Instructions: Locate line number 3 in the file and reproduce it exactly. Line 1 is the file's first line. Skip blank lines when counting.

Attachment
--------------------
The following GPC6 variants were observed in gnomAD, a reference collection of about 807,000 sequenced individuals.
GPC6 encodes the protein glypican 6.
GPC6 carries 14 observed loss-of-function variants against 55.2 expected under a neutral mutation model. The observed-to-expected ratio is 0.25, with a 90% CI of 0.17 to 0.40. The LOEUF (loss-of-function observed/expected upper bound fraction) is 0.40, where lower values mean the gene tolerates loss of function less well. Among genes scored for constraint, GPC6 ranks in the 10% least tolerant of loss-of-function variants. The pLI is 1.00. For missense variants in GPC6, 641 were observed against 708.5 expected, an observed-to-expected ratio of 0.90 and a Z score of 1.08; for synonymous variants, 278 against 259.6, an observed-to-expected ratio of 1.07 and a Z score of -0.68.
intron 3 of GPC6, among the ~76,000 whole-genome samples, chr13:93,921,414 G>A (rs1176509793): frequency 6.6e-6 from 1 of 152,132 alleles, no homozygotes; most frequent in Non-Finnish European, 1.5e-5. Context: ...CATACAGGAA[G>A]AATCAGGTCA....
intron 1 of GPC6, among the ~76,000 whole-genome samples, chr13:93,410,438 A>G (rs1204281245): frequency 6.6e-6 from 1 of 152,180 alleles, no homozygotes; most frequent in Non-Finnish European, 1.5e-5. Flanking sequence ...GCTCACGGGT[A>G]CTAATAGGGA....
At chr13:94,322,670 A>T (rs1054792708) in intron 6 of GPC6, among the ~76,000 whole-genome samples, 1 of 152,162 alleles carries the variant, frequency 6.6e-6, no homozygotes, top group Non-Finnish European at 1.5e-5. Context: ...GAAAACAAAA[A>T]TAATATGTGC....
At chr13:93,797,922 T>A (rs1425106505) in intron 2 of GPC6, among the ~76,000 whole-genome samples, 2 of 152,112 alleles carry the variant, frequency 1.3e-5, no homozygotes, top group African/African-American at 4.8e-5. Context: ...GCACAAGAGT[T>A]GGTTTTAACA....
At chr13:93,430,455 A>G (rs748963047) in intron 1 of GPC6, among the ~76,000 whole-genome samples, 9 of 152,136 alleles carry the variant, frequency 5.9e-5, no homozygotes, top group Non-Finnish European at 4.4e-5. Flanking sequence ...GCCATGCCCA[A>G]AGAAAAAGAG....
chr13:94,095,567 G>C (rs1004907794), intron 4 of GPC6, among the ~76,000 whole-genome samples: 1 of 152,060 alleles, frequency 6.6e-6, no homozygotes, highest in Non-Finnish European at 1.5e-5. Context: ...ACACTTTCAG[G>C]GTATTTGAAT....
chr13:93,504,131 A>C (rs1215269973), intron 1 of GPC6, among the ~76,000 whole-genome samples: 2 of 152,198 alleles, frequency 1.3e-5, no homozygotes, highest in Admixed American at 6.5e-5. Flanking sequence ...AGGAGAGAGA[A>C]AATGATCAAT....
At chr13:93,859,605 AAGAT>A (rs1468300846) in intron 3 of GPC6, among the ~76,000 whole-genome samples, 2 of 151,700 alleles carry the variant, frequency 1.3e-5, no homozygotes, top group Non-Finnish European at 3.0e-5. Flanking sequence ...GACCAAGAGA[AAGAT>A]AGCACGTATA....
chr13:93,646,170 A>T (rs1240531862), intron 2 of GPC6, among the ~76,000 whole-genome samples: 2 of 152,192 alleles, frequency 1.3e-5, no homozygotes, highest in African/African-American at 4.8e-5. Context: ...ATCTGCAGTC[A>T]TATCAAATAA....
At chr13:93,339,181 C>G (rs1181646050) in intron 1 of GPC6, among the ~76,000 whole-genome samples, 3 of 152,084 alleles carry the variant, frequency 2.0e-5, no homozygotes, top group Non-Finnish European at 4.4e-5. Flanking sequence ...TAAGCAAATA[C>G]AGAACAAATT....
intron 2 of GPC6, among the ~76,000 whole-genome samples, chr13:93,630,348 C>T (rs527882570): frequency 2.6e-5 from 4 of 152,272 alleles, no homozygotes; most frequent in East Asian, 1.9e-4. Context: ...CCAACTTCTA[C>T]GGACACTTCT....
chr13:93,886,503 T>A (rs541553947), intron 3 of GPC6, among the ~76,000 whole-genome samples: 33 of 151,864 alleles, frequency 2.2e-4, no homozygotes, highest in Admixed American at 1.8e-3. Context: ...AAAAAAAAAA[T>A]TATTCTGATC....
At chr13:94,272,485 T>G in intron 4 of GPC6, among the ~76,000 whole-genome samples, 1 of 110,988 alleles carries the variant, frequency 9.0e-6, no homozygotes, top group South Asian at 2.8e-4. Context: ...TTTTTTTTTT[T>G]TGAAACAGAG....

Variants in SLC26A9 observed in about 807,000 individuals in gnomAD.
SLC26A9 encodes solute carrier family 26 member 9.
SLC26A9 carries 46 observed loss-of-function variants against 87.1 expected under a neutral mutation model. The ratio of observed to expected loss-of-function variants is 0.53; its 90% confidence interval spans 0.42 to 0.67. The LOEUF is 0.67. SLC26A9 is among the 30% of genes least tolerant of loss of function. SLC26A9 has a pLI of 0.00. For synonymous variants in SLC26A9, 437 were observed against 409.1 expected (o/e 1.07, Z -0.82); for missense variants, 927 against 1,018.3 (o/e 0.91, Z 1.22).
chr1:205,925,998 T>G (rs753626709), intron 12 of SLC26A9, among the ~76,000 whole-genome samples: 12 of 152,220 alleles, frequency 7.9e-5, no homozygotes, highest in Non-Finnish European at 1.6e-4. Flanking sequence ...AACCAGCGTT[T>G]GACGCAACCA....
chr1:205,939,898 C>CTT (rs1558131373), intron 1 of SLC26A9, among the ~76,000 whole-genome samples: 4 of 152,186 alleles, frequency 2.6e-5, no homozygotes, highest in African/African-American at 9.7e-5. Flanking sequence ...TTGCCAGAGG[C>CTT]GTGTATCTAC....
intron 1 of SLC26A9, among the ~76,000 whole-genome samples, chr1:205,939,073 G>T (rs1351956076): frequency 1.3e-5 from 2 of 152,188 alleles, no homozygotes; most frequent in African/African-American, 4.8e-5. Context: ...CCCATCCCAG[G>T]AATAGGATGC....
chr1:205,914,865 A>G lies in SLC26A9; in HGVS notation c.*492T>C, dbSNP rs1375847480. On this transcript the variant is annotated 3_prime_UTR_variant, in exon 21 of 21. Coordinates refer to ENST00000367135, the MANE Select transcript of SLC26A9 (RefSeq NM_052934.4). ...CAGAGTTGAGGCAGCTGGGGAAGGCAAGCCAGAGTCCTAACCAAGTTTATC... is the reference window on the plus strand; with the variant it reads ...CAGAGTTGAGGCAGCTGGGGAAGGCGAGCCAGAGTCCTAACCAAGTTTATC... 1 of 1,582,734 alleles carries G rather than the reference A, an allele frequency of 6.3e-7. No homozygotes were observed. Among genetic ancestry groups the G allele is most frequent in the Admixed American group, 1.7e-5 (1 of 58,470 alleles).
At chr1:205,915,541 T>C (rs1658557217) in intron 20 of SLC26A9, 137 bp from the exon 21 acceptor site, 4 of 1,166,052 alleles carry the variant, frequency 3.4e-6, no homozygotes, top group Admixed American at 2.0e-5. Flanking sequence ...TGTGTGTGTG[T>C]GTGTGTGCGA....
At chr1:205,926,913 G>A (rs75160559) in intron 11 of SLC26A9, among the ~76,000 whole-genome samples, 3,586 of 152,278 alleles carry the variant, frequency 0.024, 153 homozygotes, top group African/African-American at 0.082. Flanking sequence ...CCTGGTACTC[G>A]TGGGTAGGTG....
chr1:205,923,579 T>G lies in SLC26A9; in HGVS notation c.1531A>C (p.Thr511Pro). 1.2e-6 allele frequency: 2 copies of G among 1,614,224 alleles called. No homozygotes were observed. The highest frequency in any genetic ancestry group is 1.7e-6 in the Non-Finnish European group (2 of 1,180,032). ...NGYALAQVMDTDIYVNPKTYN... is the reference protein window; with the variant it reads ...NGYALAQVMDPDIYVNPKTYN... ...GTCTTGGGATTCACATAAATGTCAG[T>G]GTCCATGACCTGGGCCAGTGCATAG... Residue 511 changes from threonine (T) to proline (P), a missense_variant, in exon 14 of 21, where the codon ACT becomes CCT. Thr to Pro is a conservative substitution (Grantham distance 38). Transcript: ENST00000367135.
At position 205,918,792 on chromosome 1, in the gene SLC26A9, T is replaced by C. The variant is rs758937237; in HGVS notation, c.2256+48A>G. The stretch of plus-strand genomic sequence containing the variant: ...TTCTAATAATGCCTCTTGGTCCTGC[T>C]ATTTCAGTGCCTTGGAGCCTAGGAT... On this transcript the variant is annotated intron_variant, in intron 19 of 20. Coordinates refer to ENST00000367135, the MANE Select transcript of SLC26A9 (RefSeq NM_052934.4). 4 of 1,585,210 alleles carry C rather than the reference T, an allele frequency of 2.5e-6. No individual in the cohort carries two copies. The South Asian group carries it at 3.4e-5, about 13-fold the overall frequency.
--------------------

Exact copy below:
GPC6 carries 14 observed loss-of-function variants against 55.2 expected under a neutral mutation model. The observed-to-expected ratio is 0.25, with a 90% CI of 0.17 to 0.40. The LOEUF (loss-of-function observed/expected upper bound fraction) is 0.40, where lower values mean the gene tolerates loss of function less well. Among genes scored for constraint, GPC6 ranks in the 10% least tolerant of loss-of-function variants. The pLI is 1.00. For missense variants in GPC6, 641 were observed against 708.5 expected, an observed-to-expected ratio of 0.90 and a Z score of 1.08; for synonymous variants, 278 against 259.6, an observed-to-expected ratio of 1.07 and a Z score of -0.68.